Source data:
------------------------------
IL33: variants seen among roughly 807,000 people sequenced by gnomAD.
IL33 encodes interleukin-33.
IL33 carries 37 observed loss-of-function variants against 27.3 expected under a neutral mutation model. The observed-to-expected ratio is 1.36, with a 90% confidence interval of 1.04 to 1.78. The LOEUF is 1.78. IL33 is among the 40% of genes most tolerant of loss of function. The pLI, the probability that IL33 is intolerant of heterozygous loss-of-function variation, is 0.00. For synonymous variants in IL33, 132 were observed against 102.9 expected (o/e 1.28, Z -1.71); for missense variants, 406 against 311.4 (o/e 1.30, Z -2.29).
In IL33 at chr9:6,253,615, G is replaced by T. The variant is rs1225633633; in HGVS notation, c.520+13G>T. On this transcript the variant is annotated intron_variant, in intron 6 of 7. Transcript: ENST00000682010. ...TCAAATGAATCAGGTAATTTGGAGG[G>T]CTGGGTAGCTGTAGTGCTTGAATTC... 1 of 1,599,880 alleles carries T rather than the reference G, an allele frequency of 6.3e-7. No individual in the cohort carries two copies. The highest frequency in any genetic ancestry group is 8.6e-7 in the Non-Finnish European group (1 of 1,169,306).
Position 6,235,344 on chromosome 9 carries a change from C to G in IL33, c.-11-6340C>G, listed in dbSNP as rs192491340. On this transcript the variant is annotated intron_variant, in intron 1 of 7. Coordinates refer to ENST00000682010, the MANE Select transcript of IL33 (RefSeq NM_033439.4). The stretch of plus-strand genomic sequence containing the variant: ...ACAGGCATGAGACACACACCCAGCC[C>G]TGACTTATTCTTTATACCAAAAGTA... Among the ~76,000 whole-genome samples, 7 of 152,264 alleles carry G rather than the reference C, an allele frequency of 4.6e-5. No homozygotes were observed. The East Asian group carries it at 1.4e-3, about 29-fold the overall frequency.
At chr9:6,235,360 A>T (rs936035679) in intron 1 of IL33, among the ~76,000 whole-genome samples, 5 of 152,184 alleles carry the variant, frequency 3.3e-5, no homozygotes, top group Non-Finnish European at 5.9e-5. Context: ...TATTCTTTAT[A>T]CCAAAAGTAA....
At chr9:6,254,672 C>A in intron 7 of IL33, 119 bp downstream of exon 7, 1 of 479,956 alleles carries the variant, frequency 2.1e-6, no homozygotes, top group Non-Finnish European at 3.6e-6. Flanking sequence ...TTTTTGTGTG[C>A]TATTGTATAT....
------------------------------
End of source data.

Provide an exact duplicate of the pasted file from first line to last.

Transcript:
IL33: variants seen among roughly 807,000 people sequenced by gnomAD.
IL33 encodes interleukin-33.
IL33 carries 37 observed loss-of-function variants against 27.3 expected under a neutral mutation model. The observed-to-expected ratio is 1.36, with a 90% confidence interval of 1.04 to 1.78. The LOEUF is 1.78. IL33 is among the 40% of genes most tolerant of loss of function. The pLI, the probability that IL33 is intolerant of heterozygous loss-of-function variation, is 0.00. For synonymous variants in IL33, 132 were observed against 102.9 expected (o/e 1.28, Z -1.71); for missense variants, 406 against 311.4 (o/e 1.30, Z -2.29).
In IL33 at chr9:6,253,615, G is replaced by T. The variant is rs1225633633; in HGVS notation, c.520+13G>T. On this transcript the variant is annotated intron_variant, in intron 6 of 7. Transcript: ENST00000682010. ...TCAAATGAATCAGGTAATTTGGAGG[G>T]CTGGGTAGCTGTAGTGCTTGAATTC... 1 of 1,599,880 alleles carries T rather than the reference G, an allele frequency of 6.3e-7. No individual in the cohort carries two copies. The highest frequency in any genetic ancestry group is 8.6e-7 in the Non-Finnish European group (1 of 1,169,306).
Position 6,235,344 on chromosome 9 carries a change from C to G in IL33, c.-11-6340C>G, listed in dbSNP as rs192491340. On this transcript the variant is annotated intron_variant, in intron 1 of 7. Coordinates refer to ENST00000682010, the MANE Select transcript of IL33 (RefSeq NM_033439.4). The stretch of plus-strand genomic sequence containing the variant: ...ACAGGCATGAGACACACACCCAGCC[C>G]TGACTTATTCTTTATACCAAAAGTA... Among the ~76,000 whole-genome samples, 7 of 152,264 alleles carry G rather than the reference C, an allele frequency of 4.6e-5. No homozygotes were observed. The East Asian group carries it at 1.4e-3, about 29-fold the overall frequency.
At chr9:6,235,360 A>T (rs936035679) in intron 1 of IL33, among the ~76,000 whole-genome samples, 5 of 152,184 alleles carry the variant, frequency 3.3e-5, no homozygotes, top group Non-Finnish European at 5.9e-5. Context: ...TATTCTTTAT[A>T]CCAAAAGTAA....
At chr9:6,254,672 C>A in intron 7 of IL33, 119 bp downstream of exon 7, 1 of 479,956 alleles carries the variant, frequency 2.1e-6, no homozygotes, top group Non-Finnish European at 3.6e-6. Flanking sequence ...TTTTTGTGTG[C>A]TATTGTATAT....